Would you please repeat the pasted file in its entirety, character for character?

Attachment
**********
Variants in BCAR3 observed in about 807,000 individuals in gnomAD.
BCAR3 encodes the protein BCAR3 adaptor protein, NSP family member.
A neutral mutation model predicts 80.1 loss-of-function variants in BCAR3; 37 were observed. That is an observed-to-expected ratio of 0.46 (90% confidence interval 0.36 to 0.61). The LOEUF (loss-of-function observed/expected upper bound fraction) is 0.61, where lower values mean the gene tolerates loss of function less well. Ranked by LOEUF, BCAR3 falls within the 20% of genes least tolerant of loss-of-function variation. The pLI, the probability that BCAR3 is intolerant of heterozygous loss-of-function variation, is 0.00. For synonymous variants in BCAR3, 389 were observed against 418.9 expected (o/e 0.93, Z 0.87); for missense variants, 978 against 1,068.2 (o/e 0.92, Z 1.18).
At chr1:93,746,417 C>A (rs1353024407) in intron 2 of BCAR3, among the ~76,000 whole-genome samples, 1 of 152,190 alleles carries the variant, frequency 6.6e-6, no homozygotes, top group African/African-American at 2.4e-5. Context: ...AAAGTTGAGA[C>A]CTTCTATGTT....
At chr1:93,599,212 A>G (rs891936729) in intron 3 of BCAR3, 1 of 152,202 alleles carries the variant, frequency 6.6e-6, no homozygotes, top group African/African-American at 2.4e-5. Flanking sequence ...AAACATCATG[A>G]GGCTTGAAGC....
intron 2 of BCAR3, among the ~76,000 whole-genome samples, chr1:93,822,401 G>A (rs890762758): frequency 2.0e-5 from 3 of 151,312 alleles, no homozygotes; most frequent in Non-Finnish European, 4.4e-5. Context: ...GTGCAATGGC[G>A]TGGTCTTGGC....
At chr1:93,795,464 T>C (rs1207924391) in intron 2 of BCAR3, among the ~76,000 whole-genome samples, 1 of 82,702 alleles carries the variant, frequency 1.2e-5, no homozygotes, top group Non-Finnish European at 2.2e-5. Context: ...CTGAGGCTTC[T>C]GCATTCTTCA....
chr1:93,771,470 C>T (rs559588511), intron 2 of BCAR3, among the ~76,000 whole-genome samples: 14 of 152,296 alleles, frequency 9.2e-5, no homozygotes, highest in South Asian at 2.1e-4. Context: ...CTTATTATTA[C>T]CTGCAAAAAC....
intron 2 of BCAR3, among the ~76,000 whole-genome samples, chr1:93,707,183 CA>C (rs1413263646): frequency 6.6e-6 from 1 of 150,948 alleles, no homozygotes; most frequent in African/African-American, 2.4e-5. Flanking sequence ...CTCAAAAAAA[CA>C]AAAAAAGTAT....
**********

Variants in BCAR3 observed in about 807,000 individuals in gnomAD.
BCAR3 encodes the protein BCAR3 adaptor protein, NSP family member.
A neutral mutation model predicts 80.1 loss-of-function variants in BCAR3; 37 were observed. That is an observed-to-expected ratio of 0.46 (90% confidence interval 0.36 to 0.61). The LOEUF (loss-of-function observed/expected upper bound fraction) is 0.61, where lower values mean the gene tolerates loss of function less well. Ranked by LOEUF, BCAR3 falls within the 20% of genes least tolerant of loss-of-function variation. The pLI, the probability that BCAR3 is intolerant of heterozygous loss-of-function variation, is 0.00. For synonymous variants in BCAR3, 389 were observed against 418.9 expected (o/e 0.93, Z 0.87); for missense variants, 978 against 1,068.2 (o/e 0.92, Z 1.18).
At chr1:93,746,417 C>A (rs1353024407) in intron 2 of BCAR3, among the ~76,000 whole-genome samples, 1 of 152,190 alleles carries the variant, frequency 6.6e-6, no homozygotes, top group African/African-American at 2.4e-5. Context: ...AAAGTTGAGA[C>A]CTTCTATGTT....
At chr1:93,599,212 A>G (rs891936729) in intron 3 of BCAR3, 1 of 152,202 alleles carries the variant, frequency 6.6e-6, no homozygotes, top group African/African-American at 2.4e-5. Flanking sequence ...AAACATCATG[A>G]GGCTTGAAGC....
intron 2 of BCAR3, among the ~76,000 whole-genome samples, chr1:93,822,401 G>A (rs890762758): frequency 2.0e-5 from 3 of 151,312 alleles, no homozygotes; most frequent in Non-Finnish European, 4.4e-5. Context: ...GTGCAATGGC[G>A]TGGTCTTGGC....
At chr1:93,795,464 T>C (rs1207924391) in intron 2 of BCAR3, among the ~76,000 whole-genome samples, 1 of 82,702 alleles carries the variant, frequency 1.2e-5, no homozygotes, top group Non-Finnish European at 2.2e-5. Context: ...CTGAGGCTTC[T>C]GCATTCTTCA....
chr1:93,771,470 C>T (rs559588511), intron 2 of BCAR3, among the ~76,000 whole-genome samples: 14 of 152,296 alleles, frequency 9.2e-5, no homozygotes, highest in South Asian at 2.1e-4. Context: ...CTTATTATTA[C>T]CTGCAAAAAC....
intron 2 of BCAR3, among the ~76,000 whole-genome samples, chr1:93,707,183 CA>C (rs1413263646): frequency 6.6e-6 from 1 of 150,948 alleles, no homozygotes; most frequent in African/African-American, 2.4e-5. Flanking sequence ...CTCAAAAAAA[CA>C]AAAAAAGTAT....